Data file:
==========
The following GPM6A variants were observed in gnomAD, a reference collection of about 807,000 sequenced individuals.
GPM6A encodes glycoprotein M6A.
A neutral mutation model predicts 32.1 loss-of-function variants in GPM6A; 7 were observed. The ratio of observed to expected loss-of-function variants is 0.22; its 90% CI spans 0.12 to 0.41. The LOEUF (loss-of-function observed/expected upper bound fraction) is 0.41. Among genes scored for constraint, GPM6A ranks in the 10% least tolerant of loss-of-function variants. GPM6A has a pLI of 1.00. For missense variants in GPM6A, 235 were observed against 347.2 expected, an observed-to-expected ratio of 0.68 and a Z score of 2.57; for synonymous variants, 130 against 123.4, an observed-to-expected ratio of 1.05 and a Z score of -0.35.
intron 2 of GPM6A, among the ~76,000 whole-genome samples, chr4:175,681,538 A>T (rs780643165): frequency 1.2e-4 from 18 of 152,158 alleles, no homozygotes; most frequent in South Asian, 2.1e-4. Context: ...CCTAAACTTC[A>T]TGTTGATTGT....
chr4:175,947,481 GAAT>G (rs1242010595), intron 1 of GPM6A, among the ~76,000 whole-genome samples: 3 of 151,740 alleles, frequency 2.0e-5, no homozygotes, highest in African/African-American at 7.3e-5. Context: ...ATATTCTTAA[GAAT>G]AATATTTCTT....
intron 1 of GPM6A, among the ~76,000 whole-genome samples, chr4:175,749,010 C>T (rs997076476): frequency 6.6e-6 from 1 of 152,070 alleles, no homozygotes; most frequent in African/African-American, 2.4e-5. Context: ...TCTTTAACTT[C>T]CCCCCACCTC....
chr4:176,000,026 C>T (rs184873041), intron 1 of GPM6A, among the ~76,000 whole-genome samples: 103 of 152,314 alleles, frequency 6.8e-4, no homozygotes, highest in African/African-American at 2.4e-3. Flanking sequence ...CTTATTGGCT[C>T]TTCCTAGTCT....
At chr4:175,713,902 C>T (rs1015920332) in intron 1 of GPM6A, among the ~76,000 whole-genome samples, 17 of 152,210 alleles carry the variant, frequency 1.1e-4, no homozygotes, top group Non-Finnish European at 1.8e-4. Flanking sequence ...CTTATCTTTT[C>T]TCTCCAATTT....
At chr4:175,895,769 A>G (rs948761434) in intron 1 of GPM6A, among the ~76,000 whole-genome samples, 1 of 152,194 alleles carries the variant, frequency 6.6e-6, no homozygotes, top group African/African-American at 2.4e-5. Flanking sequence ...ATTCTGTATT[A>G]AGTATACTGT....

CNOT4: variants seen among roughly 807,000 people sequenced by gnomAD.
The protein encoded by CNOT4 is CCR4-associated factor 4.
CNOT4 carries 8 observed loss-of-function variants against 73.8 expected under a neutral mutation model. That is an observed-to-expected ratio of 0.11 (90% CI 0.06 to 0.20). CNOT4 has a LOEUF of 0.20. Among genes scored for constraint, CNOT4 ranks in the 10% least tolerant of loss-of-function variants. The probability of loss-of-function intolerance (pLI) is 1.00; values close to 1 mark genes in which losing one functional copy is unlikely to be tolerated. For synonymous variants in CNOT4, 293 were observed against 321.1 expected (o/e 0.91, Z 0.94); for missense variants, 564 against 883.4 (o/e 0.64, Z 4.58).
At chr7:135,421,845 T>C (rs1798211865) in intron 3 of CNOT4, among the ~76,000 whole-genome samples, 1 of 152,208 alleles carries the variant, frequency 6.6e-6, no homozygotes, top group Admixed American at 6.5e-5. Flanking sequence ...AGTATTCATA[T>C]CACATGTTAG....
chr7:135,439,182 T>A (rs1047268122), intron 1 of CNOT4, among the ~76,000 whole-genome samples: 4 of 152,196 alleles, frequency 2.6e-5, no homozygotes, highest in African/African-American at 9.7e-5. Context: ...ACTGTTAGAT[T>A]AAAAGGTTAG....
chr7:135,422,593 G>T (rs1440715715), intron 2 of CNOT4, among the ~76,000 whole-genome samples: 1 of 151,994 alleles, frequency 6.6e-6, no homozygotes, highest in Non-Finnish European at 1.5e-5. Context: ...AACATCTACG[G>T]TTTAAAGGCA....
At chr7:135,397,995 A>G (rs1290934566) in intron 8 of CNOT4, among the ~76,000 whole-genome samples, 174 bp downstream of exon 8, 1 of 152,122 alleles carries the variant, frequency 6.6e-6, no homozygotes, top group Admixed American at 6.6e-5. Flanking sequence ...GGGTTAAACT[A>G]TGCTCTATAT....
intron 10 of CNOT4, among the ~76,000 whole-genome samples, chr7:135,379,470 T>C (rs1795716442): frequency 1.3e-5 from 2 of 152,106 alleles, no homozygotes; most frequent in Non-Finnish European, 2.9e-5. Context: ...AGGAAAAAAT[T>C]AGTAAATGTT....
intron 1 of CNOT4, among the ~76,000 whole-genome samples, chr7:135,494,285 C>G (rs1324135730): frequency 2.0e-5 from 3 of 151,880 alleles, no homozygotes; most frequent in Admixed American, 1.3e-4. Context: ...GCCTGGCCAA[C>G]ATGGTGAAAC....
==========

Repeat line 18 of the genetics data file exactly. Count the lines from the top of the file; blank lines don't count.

intron 1 of CNOT4, among the ~76,000 whole-genome samples, chr7:135,494,285 C>G (rs1324135730): frequency 2.0e-5 from 3 of 151,880 alleles, no homozygotes; most frequent in Admixed American, 1.3e-4. Context: ...GCCTGGCCAA[C>G]ATGGTGAAAC....